- Alcohol use is linked with 740,000 new cancer cases each year globally.
- In the European Union alone, low dose alcohol use causes almost 23,000 new cancer cases per year.
- Almost half of these cancers (approximately 11,000 cases) were female breast cancers.
- And more than a third of the cancer cases caused by low-dose alcohol use are actually linked with a very small amounts of alcohol intake.
This type of overview of alcohol’s cancer burden in the European region is an important example for other WHO regions and other countries to better track how many cancer cases and deaths are due to alcohol.
These six points show that the scientific discourse is becoming more robust, that support for addressing alcohol harm is growing, and that the response is becoming more ambitious and evidence-based.
I’m looking forward to more conversations with people who wan to to reflect about the role alcohol plays in their lives, in our communities, and in our societies, to tell them about this new WHO consensus. And I’m excited to take this conversation forward with decision-makers at all levels because alcohol policy means cancer prevention. Alcohol policy means the chance to help protect people from harm and to promote health for millions more.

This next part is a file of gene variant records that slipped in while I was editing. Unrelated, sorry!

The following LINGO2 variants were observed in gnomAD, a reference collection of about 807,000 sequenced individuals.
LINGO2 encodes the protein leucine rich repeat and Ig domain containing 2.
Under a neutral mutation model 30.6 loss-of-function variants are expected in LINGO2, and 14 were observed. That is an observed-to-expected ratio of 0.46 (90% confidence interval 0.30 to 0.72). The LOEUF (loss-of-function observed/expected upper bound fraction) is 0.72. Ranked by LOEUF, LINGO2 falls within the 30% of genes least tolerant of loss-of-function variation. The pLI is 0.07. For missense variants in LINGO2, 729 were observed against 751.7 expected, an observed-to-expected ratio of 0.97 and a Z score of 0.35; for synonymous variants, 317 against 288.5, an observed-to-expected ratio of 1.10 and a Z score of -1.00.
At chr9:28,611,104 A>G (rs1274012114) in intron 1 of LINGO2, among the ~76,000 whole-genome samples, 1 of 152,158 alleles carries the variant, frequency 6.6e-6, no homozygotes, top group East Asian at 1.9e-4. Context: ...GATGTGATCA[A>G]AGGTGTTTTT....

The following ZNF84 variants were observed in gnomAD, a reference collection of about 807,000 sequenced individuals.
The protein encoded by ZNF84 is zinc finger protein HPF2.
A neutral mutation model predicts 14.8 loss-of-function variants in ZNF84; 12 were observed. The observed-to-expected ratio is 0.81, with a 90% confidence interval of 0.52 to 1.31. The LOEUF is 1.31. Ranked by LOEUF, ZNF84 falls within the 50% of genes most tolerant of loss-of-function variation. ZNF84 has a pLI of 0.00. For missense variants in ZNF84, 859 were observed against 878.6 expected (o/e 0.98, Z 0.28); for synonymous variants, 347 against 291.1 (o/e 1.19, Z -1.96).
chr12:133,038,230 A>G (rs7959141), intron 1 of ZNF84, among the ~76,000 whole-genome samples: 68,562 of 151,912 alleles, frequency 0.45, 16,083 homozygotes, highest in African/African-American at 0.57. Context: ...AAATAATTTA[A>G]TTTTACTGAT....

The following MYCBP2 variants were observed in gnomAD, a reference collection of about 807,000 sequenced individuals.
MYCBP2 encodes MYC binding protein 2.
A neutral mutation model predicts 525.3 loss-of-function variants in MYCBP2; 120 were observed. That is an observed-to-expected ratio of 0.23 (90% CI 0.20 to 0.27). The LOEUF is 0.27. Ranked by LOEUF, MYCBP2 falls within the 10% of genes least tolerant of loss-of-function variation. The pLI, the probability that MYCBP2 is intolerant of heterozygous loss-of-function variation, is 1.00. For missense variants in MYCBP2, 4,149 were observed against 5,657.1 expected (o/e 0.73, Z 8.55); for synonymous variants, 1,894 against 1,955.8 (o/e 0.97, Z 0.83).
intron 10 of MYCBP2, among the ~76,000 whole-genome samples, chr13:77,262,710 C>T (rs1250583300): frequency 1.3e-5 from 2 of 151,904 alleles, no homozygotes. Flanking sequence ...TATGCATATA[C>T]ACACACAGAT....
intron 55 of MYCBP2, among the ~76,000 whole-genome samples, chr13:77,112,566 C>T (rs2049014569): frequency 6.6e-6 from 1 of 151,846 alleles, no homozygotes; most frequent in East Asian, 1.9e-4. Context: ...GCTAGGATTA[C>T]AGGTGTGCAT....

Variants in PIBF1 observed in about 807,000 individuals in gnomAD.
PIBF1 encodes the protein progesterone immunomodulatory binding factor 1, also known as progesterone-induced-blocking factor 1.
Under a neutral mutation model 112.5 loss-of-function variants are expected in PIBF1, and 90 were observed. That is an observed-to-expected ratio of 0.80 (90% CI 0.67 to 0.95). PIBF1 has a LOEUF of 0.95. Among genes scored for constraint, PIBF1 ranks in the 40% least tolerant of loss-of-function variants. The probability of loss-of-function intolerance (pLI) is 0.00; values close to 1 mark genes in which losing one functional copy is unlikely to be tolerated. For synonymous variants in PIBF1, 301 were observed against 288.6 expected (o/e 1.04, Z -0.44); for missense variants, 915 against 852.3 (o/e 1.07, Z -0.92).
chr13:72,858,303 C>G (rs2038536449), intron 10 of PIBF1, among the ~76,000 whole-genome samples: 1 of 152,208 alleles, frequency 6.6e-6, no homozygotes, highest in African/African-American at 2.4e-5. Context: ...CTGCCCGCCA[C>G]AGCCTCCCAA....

* Definition Harmful Use of Alcohol
The harmful use of alcohol has a serious effect on public health and is considered to be one of the main risk factors for poor health globally. In the context of this draft strategy, the concept of the harmful use of alcohol is broad and encompasses the drinking that causes detrimental health and social consequences for the drinker, the people around the drinker and society at large, as well as the patterns of drinking that are associated with increased risk of adverse health outcomes. The harmful use of alcohol compromises both individual and social development. It can ruin the lives of individuals, devastate families, and damage the fabric of communities.”World Health Organization Global Alcohol Strategy, 2010, page 5